Advanced health monitoring and diagnostics technology are essential to reduce the unrivaled number of human fatalities due to cardiovascular diseases (CVDs). Traditionally, gold standard CVD diagnosis involves direct measurements of the aortic blood pressure (central BP) and flow by cardiac catheterization, which can lead to certain complications. Understanding the inner-workings of the cardiovascular system through patient-specific cardiovascular modeling can provide new means to CVD diagnosis and relating treatment. BP and flow waves propagate back and forth from heart to the peripheral sites, while carrying information about the properties of the arterial network. Their speed of propagation, magnitude and shape are directly related to the properties of blood and arterial vasculature. Obtaining functional and anatomical information about the arteries through clinical measurements and medical imaging, the digital twin of the arterial network of interest can be generated. The latter enables prediction of BP and flow waveforms along this network. Point of care devices (POCDs) can now conduct in-home measurements of cardiovascular signals, such as electrocardiogram (ECG), photoplethysmogram (PPG), ballistocardiogram (BCG) and even direct measurements of the pulse transit time (PTT). This vital information provides new opportunities for designing accurate patient-specific computational models eliminating, in many cases, the need for invasive measurements.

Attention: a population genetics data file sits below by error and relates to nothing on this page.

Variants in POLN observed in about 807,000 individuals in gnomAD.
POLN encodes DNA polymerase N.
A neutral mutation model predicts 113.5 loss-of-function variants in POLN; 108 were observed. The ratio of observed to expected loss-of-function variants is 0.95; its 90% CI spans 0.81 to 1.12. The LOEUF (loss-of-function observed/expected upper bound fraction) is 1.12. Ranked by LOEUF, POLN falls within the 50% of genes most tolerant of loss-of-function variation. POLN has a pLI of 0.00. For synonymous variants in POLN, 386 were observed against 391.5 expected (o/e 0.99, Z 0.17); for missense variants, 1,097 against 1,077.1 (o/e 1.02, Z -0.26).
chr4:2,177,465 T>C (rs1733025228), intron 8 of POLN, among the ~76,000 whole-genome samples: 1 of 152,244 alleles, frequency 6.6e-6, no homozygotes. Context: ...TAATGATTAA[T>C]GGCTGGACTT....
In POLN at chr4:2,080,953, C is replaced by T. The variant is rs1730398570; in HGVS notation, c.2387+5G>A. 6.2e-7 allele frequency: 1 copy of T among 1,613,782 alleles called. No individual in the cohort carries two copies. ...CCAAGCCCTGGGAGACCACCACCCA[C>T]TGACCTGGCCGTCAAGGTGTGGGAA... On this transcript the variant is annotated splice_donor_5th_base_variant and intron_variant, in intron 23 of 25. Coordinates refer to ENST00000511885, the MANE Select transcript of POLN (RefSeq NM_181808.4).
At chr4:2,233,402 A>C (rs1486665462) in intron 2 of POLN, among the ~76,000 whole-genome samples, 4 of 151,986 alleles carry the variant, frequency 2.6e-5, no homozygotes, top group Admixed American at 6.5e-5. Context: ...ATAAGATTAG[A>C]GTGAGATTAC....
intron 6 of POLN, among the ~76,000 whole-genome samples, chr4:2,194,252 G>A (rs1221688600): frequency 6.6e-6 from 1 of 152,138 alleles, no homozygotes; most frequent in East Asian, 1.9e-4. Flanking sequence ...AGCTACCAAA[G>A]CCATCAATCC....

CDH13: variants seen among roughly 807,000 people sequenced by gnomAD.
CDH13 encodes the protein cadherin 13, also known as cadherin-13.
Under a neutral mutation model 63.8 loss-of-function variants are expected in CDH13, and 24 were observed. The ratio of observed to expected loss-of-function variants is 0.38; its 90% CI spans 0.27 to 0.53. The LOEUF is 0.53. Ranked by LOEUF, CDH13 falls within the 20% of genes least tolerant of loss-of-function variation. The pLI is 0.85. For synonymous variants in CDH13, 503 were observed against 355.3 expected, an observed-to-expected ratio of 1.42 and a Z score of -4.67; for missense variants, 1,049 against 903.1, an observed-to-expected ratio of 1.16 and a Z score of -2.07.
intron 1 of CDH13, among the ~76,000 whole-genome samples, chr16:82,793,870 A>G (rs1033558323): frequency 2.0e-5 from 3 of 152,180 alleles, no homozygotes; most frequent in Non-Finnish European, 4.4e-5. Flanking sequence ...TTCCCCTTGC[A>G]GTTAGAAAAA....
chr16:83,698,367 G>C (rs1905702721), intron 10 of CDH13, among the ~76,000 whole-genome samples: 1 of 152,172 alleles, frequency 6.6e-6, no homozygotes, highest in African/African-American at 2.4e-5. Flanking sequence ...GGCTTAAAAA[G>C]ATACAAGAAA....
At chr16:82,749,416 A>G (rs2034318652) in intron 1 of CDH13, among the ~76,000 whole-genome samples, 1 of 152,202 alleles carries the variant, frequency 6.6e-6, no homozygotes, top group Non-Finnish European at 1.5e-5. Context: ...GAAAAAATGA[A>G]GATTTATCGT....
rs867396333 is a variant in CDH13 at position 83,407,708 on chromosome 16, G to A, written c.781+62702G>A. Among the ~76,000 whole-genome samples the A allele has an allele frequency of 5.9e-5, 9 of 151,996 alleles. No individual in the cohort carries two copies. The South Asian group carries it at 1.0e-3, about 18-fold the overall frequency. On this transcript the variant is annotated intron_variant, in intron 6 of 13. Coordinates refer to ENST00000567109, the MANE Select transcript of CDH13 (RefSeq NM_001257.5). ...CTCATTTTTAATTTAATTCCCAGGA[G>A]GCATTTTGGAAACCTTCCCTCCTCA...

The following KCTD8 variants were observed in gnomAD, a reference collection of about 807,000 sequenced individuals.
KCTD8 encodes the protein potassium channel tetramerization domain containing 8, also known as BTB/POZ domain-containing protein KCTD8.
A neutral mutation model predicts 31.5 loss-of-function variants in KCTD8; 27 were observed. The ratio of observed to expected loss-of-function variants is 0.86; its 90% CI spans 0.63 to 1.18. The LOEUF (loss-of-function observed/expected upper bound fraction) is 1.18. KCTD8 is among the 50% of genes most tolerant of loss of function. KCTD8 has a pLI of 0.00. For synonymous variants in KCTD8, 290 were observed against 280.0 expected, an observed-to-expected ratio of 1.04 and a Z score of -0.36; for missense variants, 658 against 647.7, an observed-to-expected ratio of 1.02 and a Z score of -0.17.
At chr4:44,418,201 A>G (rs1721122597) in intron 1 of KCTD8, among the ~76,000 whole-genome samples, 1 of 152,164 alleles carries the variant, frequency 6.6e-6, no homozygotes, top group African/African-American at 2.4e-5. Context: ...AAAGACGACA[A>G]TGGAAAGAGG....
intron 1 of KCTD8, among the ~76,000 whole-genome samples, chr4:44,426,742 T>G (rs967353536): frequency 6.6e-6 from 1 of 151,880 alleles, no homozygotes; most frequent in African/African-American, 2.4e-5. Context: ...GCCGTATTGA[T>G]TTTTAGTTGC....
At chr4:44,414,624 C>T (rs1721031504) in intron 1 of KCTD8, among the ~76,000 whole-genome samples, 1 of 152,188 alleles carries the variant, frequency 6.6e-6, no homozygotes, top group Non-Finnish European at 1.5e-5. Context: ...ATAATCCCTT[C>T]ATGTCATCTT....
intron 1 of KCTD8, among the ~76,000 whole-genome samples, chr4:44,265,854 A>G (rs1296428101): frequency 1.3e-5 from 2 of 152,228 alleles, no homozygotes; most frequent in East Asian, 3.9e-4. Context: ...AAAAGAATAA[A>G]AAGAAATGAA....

One of the main efforts in this area is the development of noninvasive cuffless BP measurement using patient’s PTT. Commonly, BP prediction is carried out with regression models assuming direct or indirect relationships between BP and PTT. However, accounting for the nonlinear FSI mechanics of the arteries and the cardiac output is indispensable. In this work, a monotonicity-preserving quasi-1D FSI modeling platform is developed, capable of capturing the hyper-viscoelastic vessel wall deformation and nonlinear blood flow dynamics in arbitrary arterial networks. Special attention has been dedicated to the correct modeling of discontinuities, such as mechanical properties mismatch associated with the stent insertion, and the intertwining dynamics of multiscale 3D and 1D models when simulating the arterial network with an aneurysm. The developed platform, titled Cardiovascular Flow ANalysis (CardioFAN), is validated against well-known numerical, in vitro and in vivo arterial network measurements showing average prediction errors of 5.2%, 2.8% and 1.6% for blood flow, lumen cross-sectional area, and BP, respectively. CardioFAN evaluates the local PTT, which enables patient-specific calibration and its application to input signal reconstruction. The calibration is performed based on BP, stroke volume and PTT measured by POCDs. The calibrated model is then used in conjunction with noninvasively measured peripheral BP and PTT to inversely restore the cardiac output, proximal BP and aortic deformation in human subjects. The reconstructed results show average RMSEs of 1.4% for systolic and 4.6% for diastolic BPs, as well as 8.4% for cardiac output. This work is the first successful attempt in implementation of deterministic cardiovascular models as add-ons to wearable and smart POCD results, enabling continuous noninvasive monitoring of cardiovascular health to facilitate CVD diagnosis.
Department, Program, or Center
Alexander S. Liberson
Steven W. Day
Seyed Vahedein, Yashar, "Methods and Algorithms for Cardiovascular Hemodynamics with Applications to Noninvasive Monitoring of Proximal Blood Pressure and Cardiac Output Using Pulse Transit Time" (2019). Thesis. Rochester Institute of Technology. Accessed from
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Available for download on Wednesday, December 23, 2020